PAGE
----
Miller grew across several categories during the pandemic, rising on average by more than 20%, but poultry products exploded, increasing by more than 40%. Rural, urban, and suburban consumers alike were fascinated by home-raised eggs and the peculiarities of keeping their own chickens. Syring and his team produced educational YouTube videos and social media content for new poultry owners on topics like incubation, housing, and general care. Their engagement numbers boomed, with thousands of inexperienced keepers seeking guidance.
Meanwhile in the Miller warehouse, inventory levels dropped with the rush of new customers, and the company’s policy of maintaining a 30- to 90-day stockpile was being tested. New hires were a precious commodity, so the crew doubled down.
“As we ramped up, the folks here really rallied to the challenge. A lot of places were closing, a lot of people were out of their jobs; there was a lot of uncertainty,” Brady remembers. “We flipped a switch the other direction, and it was instantaneous that our sales were going through the roof. We needed a lot more people than we were ever going to get, so we started running overtime, we started running weekends, we were going around the clock. There was a good rally that happened from people’s own realization as to what was going on and then appreciation for what they were manufacturing.”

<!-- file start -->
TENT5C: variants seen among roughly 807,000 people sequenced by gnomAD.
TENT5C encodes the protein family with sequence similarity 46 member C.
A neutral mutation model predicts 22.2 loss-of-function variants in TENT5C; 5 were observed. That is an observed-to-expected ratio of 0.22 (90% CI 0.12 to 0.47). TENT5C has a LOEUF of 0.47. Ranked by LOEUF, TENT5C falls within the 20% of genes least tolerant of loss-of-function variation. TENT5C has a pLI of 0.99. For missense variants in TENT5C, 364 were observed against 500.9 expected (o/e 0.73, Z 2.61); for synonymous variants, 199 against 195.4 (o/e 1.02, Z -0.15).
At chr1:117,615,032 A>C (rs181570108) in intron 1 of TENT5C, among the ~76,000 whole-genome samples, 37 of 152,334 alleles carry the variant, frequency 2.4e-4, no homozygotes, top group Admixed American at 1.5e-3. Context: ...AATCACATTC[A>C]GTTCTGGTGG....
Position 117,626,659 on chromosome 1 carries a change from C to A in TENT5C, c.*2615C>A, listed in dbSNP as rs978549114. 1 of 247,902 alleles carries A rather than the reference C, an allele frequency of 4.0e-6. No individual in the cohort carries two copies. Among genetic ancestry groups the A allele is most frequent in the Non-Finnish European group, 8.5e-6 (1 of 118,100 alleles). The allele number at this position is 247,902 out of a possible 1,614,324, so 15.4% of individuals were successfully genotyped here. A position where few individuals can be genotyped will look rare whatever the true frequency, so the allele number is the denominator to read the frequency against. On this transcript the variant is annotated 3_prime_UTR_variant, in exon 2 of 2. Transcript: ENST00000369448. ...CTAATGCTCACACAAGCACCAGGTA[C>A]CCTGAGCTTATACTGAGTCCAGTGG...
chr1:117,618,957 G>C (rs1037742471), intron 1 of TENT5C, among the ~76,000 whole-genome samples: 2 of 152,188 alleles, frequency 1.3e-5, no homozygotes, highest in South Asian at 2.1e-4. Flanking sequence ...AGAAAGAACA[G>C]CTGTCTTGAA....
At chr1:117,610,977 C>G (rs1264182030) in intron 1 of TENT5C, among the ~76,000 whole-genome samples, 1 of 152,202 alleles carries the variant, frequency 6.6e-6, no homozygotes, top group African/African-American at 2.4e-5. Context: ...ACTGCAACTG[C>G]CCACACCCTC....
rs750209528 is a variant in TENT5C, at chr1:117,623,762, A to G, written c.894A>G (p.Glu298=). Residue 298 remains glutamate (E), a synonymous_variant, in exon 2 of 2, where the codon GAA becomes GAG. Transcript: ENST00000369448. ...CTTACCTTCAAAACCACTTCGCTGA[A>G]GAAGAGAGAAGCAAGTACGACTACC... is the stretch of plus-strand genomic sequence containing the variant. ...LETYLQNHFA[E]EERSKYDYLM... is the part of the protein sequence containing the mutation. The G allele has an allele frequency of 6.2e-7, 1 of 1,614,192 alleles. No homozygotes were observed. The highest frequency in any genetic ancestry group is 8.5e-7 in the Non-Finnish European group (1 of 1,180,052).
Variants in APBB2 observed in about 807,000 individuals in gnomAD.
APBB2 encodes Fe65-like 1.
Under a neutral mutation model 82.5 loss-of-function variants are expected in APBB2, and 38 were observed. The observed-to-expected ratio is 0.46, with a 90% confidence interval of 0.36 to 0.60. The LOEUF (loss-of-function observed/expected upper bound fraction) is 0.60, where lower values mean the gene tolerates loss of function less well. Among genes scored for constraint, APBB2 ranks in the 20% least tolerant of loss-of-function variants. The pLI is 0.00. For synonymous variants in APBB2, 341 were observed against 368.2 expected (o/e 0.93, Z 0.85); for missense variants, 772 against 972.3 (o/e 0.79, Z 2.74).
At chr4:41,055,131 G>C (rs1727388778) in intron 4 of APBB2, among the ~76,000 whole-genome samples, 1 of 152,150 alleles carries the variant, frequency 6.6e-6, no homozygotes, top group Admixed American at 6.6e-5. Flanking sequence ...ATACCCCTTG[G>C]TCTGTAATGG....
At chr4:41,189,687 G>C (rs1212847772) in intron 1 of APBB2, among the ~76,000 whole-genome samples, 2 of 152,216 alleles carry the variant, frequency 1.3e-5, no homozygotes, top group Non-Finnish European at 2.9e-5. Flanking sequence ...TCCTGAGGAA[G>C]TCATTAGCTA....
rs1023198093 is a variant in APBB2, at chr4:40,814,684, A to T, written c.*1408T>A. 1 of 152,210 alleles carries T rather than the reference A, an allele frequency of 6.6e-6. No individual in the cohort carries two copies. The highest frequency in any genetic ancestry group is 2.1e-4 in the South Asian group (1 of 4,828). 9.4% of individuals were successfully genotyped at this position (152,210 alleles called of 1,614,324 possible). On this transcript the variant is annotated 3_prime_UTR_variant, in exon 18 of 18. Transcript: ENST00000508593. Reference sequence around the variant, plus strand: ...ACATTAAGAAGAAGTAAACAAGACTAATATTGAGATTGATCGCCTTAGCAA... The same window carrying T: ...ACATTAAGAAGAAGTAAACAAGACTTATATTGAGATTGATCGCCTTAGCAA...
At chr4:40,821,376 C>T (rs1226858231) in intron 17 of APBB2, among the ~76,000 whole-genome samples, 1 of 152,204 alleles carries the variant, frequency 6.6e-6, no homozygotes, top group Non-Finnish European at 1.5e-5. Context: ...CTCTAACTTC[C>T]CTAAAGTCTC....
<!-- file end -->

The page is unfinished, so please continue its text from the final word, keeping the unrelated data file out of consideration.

Inventory levels would slowly recover, which Brady attributes to the team’s hard work and dedication to the customers they serve. And while product sales were strong, Syring saw the perfect opportunity to highlight the return to American manufacturing.